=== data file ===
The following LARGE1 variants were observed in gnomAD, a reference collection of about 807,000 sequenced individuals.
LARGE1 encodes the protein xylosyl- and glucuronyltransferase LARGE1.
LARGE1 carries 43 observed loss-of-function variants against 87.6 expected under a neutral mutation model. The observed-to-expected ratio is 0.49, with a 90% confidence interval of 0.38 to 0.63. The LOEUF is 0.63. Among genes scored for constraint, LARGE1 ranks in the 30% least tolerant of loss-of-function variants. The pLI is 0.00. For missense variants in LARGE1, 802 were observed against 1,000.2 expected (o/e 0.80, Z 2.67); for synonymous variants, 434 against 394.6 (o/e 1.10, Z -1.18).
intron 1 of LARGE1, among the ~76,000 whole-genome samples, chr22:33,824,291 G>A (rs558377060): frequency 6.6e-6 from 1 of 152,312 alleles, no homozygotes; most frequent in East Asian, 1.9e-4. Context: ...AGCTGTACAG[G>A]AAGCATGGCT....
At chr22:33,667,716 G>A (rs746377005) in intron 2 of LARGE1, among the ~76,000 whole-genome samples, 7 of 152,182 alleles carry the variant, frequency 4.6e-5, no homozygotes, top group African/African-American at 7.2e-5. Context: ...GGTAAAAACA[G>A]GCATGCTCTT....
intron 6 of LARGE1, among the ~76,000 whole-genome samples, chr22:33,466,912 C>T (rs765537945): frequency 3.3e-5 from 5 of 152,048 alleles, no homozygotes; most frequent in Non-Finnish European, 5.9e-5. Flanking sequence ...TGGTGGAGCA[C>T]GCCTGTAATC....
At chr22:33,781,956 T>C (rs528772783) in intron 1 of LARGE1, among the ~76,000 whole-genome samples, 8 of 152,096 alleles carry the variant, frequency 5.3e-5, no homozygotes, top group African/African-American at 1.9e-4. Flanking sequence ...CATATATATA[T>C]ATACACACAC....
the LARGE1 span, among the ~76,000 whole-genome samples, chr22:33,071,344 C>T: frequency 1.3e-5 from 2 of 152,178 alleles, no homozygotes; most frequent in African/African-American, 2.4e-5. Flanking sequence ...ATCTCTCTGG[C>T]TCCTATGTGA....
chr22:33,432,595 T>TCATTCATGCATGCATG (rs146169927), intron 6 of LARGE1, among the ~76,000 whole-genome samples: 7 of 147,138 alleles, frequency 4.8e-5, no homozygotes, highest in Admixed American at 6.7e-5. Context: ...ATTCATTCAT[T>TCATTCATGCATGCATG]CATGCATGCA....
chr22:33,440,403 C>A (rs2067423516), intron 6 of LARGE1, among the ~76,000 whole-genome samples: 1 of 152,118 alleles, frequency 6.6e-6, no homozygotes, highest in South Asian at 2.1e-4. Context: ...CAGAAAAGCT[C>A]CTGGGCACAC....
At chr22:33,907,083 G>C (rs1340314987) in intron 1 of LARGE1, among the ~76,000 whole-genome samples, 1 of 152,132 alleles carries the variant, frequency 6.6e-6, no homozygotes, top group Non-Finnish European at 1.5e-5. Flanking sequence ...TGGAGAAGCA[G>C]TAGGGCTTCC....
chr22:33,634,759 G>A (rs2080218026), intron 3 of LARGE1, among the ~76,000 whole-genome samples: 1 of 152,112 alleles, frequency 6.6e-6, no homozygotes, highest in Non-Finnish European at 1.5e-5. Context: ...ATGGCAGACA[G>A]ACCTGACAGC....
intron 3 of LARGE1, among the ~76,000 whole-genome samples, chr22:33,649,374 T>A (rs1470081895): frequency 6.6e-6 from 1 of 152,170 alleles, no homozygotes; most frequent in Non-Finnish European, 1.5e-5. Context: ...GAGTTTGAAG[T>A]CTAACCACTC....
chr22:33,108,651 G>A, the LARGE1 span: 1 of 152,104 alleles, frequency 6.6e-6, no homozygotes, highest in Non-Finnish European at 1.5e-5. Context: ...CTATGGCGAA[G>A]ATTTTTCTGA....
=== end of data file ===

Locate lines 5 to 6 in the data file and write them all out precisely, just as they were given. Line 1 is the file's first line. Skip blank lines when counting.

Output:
At chr22:33,667,716 G>A (rs746377005) in intron 2 of LARGE1, among the ~76,000 whole-genome samples, 7 of 152,182 alleles carry the variant, frequency 4.6e-5, no homozygotes, top group African/African-American at 7.2e-5. Context: ...GGTAAAAACA[G>A]GCATGCTCTT....
intron 6 of LARGE1, among the ~76,000 whole-genome samples, chr22:33,466,912 C>T (rs765537945): frequency 3.3e-5 from 5 of 152,048 alleles, no homozygotes; most frequent in Non-Finnish European, 5.9e-5. Flanking sequence ...TGGTGGAGCA[C>T]GCCTGTAATC....